Marguerite Active Member

    I don't print them, I copy them to a text file and keep it, backed up on our main computer.

    As for what SpEd reveals - if it's not for public consumption, then cross-reference it to your computer using your own code that doesn't reveal your sources.

    For a lot of difficult child 3's mainstream schooling, I had my 'spies' in the form of kids from church. They would talk to either me, or my daughters who they saw at dance class (the dance school used the school hall in the evenings). After learning my lesson the hard way, when I quoted a friend of difficult child 3's who had witnessed a gang beating difficult child 3 up in the playground (only to have the class teacher 'out' the source to the bullies and then refuse to believe him or difficult child 3) I learned to not divulge my sources. I found it worked better to be able to say, "I know this happens." It did mean that if/when the school denied it, I could do nothing because it became "he said, she said", but it did mean they lifted their game and started worrying that I had eyes in the back of my head. They never did work out where I was getting my info from.

    I've kept all reports etc. including the ones I felt were way out of line. I feel the kids know themselves and also are more likely to follow how they feel inside, than follow an ancient, yellowed assessment from someone who didn't necessarily get it right. However, even the wrong stuff can be useful in what it tells years later. For example, an early report on difficult child 3 says that he will never be able to attend a normal school and never be able to live independently; will always need a high level of support. etc. Pessimistic. But I have no problem with difficult child 3 seeing it, even now, because he knows he has surpassed its expectations.

    When difficult child 3 was in Grade 4, a kid called him (among other names) a "retard". difficult child 3 didn't know what it meant but did work out from the way the word was delivered, that it was meant to be an insult. So when he wanted to say something bad back to that kid, he called HIM a retard. I got a note home from the teacher telling me I needed to teach difficult child 3 some manners, teach him that calling kids names like that was not the way to win friends. I sent a somewhat angry note back, that the only place difficult child 3 had learned such words, as she well knew, was in her classroom under her supervision and if difficult child 3 was using bad words at kids, to look to those kids as the ones who had almost certainly used them first, to difficult child 3. (her own son was one of those kids!)

    But the most important thing I did, that helped difficult child 3 cope - I told him what the word meant. I also told him why that word did not apply to anybody and especially not to him. I then explained (carefully, because it was a complicated concept for an autistic kid) that the person who uses words like that to wound someone, is actually revealing his own secret fears about himself. In other words, the kid who calls another "stupid" is himself secretly afraid he's not as smart as others. So insults actually reveal that the person trying to wound with words is really the one who fears he most deserves his own label.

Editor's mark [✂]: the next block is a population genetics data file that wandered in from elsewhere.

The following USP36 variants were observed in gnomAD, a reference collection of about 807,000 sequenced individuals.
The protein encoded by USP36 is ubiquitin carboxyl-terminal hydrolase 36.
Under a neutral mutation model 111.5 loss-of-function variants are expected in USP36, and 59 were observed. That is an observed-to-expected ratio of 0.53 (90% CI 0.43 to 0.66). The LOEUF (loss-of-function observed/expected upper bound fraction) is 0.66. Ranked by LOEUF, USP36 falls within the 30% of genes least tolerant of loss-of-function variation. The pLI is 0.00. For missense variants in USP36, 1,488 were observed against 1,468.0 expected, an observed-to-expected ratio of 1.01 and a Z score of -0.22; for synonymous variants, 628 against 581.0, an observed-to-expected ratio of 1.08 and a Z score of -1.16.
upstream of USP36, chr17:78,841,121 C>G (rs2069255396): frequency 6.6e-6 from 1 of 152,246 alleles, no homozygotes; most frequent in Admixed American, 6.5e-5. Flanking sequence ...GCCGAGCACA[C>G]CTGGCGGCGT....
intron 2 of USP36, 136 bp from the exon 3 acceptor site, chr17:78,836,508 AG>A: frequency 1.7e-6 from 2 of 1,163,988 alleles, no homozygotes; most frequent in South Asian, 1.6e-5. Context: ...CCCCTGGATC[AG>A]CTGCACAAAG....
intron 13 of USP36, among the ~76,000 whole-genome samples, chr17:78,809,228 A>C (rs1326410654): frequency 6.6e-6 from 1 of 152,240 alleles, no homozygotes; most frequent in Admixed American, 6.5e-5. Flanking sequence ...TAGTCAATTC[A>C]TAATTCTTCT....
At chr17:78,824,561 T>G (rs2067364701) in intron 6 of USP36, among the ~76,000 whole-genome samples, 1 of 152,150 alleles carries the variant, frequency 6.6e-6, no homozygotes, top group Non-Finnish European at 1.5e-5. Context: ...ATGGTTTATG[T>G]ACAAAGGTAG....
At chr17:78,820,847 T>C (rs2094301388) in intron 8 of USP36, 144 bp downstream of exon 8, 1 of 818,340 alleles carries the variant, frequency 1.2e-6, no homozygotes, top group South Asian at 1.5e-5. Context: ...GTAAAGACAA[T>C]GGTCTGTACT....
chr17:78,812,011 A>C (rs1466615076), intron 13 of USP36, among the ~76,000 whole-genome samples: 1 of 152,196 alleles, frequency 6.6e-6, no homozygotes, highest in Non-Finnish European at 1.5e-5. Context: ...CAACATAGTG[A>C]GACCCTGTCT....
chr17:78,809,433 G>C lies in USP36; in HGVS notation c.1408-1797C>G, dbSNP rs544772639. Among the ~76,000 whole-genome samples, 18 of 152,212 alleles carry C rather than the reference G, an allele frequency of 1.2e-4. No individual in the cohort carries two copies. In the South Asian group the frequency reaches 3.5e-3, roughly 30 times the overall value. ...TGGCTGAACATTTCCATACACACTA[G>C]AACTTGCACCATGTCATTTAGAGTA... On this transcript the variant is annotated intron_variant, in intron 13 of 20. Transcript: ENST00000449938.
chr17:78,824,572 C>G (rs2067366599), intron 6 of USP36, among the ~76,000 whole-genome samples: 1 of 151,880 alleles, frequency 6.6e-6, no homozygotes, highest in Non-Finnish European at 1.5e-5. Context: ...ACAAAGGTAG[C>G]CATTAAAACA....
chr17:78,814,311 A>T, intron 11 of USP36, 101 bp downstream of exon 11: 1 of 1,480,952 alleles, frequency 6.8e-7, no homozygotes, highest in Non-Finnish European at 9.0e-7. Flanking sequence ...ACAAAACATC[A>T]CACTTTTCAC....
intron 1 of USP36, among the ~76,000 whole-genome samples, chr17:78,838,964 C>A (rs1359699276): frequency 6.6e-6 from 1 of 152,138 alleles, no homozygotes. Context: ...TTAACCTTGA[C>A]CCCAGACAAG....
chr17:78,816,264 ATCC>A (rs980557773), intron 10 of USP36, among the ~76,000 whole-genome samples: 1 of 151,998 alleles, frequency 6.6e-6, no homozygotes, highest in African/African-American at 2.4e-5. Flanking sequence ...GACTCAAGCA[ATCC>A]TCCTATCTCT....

So being called 'retard" was actually an indication that the kid was jealous of difficult child 3's abilities and feeling very insecure by contrast.

    This worked. difficult child 3 was never upset by that insult again.

    Reports scanned onto the computer can be hidden deep, if necessary. or put into a password-locked file. But I am never in favour of destroying evidence. Never. That's why I keep everything. It gives me a sense of security, that whatever comes up, however unexpected, I am prepared for as best as possible. Call me an electronic hoarder...

  11. Shari

    Shari IsItFridayYet?

    husband gave me a laptop last year for Christmas to use to keep Wee's stuff on. I have a good chunk of it converted, but not enough. That's what I need to do....just spend a weekend in the office scanning everything and getting it on cd and that computer. It would be easy to keep up with it going forward....its just going to be a HUGE undertaking to get to that point.

    I think I still need the paper copies of the behavior and data sheets, but that could be secondary.

    Yup. I just need a free weekend.

    Now where to find one of those.
  12. AnnieO

    AnnieO Shooting from the Hip

    I want one too!!!

    Now that I have changed jobs (same employer, different building), I'm a tad busier! Plus, no acrobat pro, and not really enough time.

    If you find that extra week/weekend? Let me know where, I'll go look too!
  13. Shari

    Shari IsItFridayYet?

    Be sure to look in the bottom of the vodka bottle. Gcvmom clued me in to that hiding place. Pretty sure you can't cram a productive hidden weekend in there, but you never know.
  14. AnnieO

    AnnieO Shooting from the Hip

    Oh, yuck!!!

    How about something more palatable?! Vodka tastes like varnish smells.
  15. Shari

    Shari IsItFridayYet?

    She found her patience hiding there last night.... I dunno....just sayin'.
  16. Jules71

    Jules71 Warrior Mom since 2007

    When I have more time I am definitely going to have to read thru this thread more thoroughly. I have a problem keeping all of this stuff straight too. I have a large 3 ring binder with dividers that I keep evaluations, IEPs, etc - but my problem is the emails back and forth. I have tried making different spreadsheets to show the communication that goes on, another one for requests I have made and if/when they get implemented, etc. There is just such a LARGE volume I don't know how best to organize it so I can find something immediately. Good luck and let us know what works best.